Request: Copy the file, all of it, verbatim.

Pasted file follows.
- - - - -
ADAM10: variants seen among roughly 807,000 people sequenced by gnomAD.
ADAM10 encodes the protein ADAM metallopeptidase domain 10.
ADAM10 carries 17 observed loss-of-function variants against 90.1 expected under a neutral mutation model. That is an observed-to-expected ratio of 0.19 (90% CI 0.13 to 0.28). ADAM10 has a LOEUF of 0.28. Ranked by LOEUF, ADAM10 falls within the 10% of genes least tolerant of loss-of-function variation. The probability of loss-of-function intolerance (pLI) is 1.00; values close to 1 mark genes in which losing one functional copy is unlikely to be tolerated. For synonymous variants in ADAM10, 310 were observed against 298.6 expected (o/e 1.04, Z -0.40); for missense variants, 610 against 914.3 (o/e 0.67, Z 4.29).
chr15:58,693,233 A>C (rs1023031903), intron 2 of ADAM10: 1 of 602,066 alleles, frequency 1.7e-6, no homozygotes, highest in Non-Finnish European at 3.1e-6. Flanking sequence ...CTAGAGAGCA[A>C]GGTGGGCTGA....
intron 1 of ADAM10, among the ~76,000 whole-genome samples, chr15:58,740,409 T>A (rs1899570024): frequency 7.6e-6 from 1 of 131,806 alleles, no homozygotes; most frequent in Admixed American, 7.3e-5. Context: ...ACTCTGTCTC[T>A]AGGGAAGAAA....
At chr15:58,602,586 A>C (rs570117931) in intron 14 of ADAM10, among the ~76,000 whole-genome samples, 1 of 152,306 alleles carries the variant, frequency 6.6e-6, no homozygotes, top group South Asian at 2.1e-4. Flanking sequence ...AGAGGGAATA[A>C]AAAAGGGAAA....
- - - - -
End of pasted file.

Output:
ADAM10: variants seen among roughly 807,000 people sequenced by gnomAD.
ADAM10 encodes the protein ADAM metallopeptidase domain 10.
ADAM10 carries 17 observed loss-of-function variants against 90.1 expected under a neutral mutation model. That is an observed-to-expected ratio of 0.19 (90% CI 0.13 to 0.28). ADAM10 has a LOEUF of 0.28. Ranked by LOEUF, ADAM10 falls within the 10% of genes least tolerant of loss-of-function variation. The probability of loss-of-function intolerance (pLI) is 1.00; values close to 1 mark genes in which losing one functional copy is unlikely to be tolerated. For synonymous variants in ADAM10, 310 were observed against 298.6 expected (o/e 1.04, Z -0.40); for missense variants, 610 against 914.3 (o/e 0.67, Z 4.29).
chr15:58,693,233 A>C (rs1023031903), intron 2 of ADAM10: 1 of 602,066 alleles, frequency 1.7e-6, no homozygotes, highest in Non-Finnish European at 3.1e-6. Flanking sequence ...CTAGAGAGCA[A>C]GGTGGGCTGA....
intron 1 of ADAM10, among the ~76,000 whole-genome samples, chr15:58,740,409 T>A (rs1899570024): frequency 7.6e-6 from 1 of 131,806 alleles, no homozygotes; most frequent in Admixed American, 7.3e-5. Context: ...ACTCTGTCTC[T>A]AGGGAAGAAA....
At chr15:58,602,586 A>C (rs570117931) in intron 14 of ADAM10, among the ~76,000 whole-genome samples, 1 of 152,306 alleles carries the variant, frequency 6.6e-6, no homozygotes, top group South Asian at 2.1e-4. Flanking sequence ...AGAGGGAATA[A>C]AAAAGGGAAA....